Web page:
What Is Benzodiazepine Abuse?

Mary McMahon
Mary McMahon
Mary McMahon
Mary McMahon
Recovery from benzodiazepine abuse may require entry into a rehabilitation program.
Recovery from benzodiazepine abuse may require entry into a rehabilitation program.

Benzodiazepine abuse is use of members of this class of sedating drugs in cases where it is not medically indicated. This can include recreational use by people who use the drugs for a high as well as long-term use against medical advice. Misusing these medications can be potentially dangerous, especially in combination with other drugs, including recreational substances. Treatments are available to help patients who feel their drug use is out of control or experience symptoms with withdrawal when they attempt to stop because of worries about benzodiazepine abuse.

These medications were introduced in the 1950s to treat issues like anxiety, panic, and stress. A number of benzodiazepines are available worldwide, some by prescription only. Medical providers may recommend them in hospital environments for sedation during medical procedures, and outside the hospital for patients with temporary anxiety and stress. They act on the central nervous system with an effect that is often sedating, and can cause dizziness, fatigue, and blurred vision.

For some patients, benzodiazepine use can result in a high, especially if the dose is large. Some may use the drugs for recreational purposes. It is more common to see benzodiazepine abuse as a secondary issue; the patient may abuse another medication or recreational substance as a primary high.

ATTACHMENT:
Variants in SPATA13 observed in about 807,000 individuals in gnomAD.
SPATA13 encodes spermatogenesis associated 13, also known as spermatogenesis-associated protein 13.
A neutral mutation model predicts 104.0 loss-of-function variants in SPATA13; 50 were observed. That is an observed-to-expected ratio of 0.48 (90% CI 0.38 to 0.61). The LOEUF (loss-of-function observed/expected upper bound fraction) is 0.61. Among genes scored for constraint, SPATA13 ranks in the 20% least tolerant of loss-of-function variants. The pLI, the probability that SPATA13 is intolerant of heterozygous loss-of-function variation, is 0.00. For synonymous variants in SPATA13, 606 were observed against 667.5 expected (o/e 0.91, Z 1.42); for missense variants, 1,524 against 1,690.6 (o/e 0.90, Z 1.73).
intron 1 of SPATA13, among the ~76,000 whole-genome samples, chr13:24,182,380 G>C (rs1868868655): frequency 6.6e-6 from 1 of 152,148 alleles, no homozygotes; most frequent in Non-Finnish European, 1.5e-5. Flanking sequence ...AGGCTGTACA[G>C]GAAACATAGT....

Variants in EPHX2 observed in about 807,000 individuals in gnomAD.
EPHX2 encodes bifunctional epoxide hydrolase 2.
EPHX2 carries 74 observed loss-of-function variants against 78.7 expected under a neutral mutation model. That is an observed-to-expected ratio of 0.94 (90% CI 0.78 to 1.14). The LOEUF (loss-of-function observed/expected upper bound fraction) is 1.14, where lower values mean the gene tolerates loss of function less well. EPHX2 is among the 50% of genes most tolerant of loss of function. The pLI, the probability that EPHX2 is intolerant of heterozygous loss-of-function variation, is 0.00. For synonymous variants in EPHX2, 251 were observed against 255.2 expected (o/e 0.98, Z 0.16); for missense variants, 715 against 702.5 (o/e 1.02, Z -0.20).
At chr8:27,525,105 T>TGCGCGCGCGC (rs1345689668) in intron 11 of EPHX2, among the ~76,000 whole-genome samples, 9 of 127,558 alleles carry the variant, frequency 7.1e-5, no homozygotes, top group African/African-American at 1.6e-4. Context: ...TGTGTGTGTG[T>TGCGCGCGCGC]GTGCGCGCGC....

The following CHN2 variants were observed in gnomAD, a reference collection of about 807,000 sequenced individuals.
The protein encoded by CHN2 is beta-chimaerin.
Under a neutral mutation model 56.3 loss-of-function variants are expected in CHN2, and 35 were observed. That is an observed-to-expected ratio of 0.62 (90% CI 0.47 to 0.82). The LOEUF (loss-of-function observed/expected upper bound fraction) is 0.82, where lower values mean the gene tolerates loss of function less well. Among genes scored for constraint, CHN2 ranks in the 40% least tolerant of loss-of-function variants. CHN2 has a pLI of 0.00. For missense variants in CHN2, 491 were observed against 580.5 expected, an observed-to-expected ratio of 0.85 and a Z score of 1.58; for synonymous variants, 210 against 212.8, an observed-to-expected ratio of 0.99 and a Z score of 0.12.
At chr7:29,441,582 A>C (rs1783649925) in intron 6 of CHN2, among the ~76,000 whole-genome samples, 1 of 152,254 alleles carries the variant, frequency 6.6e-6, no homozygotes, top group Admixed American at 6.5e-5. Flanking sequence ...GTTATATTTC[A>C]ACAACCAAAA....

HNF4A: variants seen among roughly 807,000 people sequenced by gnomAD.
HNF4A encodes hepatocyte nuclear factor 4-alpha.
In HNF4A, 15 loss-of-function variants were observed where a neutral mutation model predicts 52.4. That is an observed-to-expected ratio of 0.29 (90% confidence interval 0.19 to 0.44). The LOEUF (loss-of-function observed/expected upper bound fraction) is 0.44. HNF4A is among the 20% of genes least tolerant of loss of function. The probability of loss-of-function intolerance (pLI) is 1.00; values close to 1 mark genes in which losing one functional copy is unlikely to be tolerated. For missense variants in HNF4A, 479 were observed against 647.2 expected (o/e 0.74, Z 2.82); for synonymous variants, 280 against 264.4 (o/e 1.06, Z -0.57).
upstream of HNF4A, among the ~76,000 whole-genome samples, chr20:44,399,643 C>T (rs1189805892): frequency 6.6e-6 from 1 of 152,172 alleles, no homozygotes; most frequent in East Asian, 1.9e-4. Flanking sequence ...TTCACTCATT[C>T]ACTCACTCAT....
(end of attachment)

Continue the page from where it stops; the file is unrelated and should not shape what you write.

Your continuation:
For instance, someone might take opioids and benzodiazepines. Combining medications can be hazardous, especially if they are both central nervous system depressants, because the patient could experience serious complications like difficulty breathing or coma. When patients don’t receive specific medical advice on how to safely use drugs for medical reasons, they may overdose or be unaware of the risks involved.

Sources of benzodiazepines can include prescriptions, medication from friends, or black market drugs, as well as over the counter purchases in some regions. Patients abusing benzodiazepines may exhibit symptoms like frequent fatigue, confusion, and difficulty completing tasks. The drugs can make it hard for them to engage in daily activities and they may become more isolated from friends and family. Very high doses can result in an overdose, where the patient may fall unconscious, vomit, or exhibit a significantly altered level of consciousness as a result of benzodiazepine abuse.

Taking these medications for an extended period of time can create dependence. If the patient stops benzodiazepines abruptly, withdrawal symptoms like seizures can develop. Patients taking benzodiazepines for a long time may need to taper off them carefully to avoid these symptoms. It’s important for people discussing concerns about benzodiazepine abuse with a doctor to be honest about their use habits, because this can dictate the course of treatment. This may also determine whether the patient needs inpatient care for the early stages of treatment.

Mary McMahon
Mary McMahon

Ever since she began contributing to the site several years ago, Mary has embraced the exciting challenge of being a researcher and writer. Mary has a liberal arts degree from Goddard College and spends her free time reading, cooking, and exploring the great outdoors.

Mary McMahon
Mary McMahon

Ever since she began contributing to the site several years ago, Mary has embraced the exciting challenge of being a researcher and writer. Mary has a liberal arts degree from Goddard College and spends her free time reading, cooking, and exploring the great outdoors.

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    • Recovery from benzodiazepine abuse may require entry into a rehabilitation program.
      By: Monkey Business
      Recovery from benzodiazepine abuse may require entry into a rehabilitation program.